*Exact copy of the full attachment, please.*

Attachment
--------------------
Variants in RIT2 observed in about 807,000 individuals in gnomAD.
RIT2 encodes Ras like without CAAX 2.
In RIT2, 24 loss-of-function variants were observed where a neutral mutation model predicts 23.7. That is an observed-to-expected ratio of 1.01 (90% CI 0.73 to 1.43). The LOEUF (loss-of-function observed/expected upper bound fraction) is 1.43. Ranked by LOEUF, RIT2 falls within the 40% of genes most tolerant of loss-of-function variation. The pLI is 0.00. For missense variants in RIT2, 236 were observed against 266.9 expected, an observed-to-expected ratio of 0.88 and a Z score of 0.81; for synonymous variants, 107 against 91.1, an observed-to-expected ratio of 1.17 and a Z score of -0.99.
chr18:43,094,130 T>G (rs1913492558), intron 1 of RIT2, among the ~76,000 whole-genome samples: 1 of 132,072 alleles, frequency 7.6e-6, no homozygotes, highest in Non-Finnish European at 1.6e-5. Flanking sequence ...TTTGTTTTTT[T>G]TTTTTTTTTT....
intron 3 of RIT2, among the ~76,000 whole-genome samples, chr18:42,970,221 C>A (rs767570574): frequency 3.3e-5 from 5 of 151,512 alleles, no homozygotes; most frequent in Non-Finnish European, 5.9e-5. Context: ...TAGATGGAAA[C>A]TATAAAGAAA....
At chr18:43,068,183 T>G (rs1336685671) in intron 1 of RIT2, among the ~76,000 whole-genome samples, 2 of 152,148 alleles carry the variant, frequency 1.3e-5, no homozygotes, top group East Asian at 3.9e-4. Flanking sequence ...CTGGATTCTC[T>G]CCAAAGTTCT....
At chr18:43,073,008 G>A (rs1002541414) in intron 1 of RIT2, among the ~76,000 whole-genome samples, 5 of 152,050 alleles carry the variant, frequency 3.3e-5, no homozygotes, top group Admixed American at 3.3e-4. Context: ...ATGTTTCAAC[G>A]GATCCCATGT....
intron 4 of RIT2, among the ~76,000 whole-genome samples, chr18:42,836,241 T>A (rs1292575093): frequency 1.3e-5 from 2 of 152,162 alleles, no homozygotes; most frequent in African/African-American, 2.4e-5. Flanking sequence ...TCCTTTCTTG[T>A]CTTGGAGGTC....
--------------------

Variants in RIT2 observed in about 807,000 individuals in gnomAD.
RIT2 encodes Ras like without CAAX 2.
In RIT2, 24 loss-of-function variants were observed where a neutral mutation model predicts 23.7. That is an observed-to-expected ratio of 1.01 (90% CI 0.73 to 1.43). The LOEUF (loss-of-function observed/expected upper bound fraction) is 1.43. Ranked by LOEUF, RIT2 falls within the 40% of genes most tolerant of loss-of-function variation. The pLI is 0.00. For missense variants in RIT2, 236 were observed against 266.9 expected, an observed-to-expected ratio of 0.88 and a Z score of 0.81; for synonymous variants, 107 against 91.1, an observed-to-expected ratio of 1.17 and a Z score of -0.99.
chr18:43,094,130 T>G (rs1913492558), intron 1 of RIT2, among the ~76,000 whole-genome samples: 1 of 132,072 alleles, frequency 7.6e-6, no homozygotes, highest in Non-Finnish European at 1.6e-5. Flanking sequence ...TTTGTTTTTT[T>G]TTTTTTTTTT....
intron 3 of RIT2, among the ~76,000 whole-genome samples, chr18:42,970,221 C>A (rs767570574): frequency 3.3e-5 from 5 of 151,512 alleles, no homozygotes; most frequent in Non-Finnish European, 5.9e-5. Context: ...TAGATGGAAA[C>A]TATAAAGAAA....
At chr18:43,068,183 T>G (rs1336685671) in intron 1 of RIT2, among the ~76,000 whole-genome samples, 2 of 152,148 alleles carry the variant, frequency 1.3e-5, no homozygotes, top group East Asian at 3.9e-4. Flanking sequence ...CTGGATTCTC[T>G]CCAAAGTTCT....
At chr18:43,073,008 G>A (rs1002541414) in intron 1 of RIT2, among the ~76,000 whole-genome samples, 5 of 152,050 alleles carry the variant, frequency 3.3e-5, no homozygotes, top group Admixed American at 3.3e-4. Context: ...ATGTTTCAAC[G>A]GATCCCATGT....
intron 4 of RIT2, among the ~76,000 whole-genome samples, chr18:42,836,241 T>A (rs1292575093): frequency 1.3e-5 from 2 of 152,162 alleles, no homozygotes; most frequent in African/African-American, 2.4e-5. Flanking sequence ...TCCTTTCTTG[T>A]CTTGGAGGTC....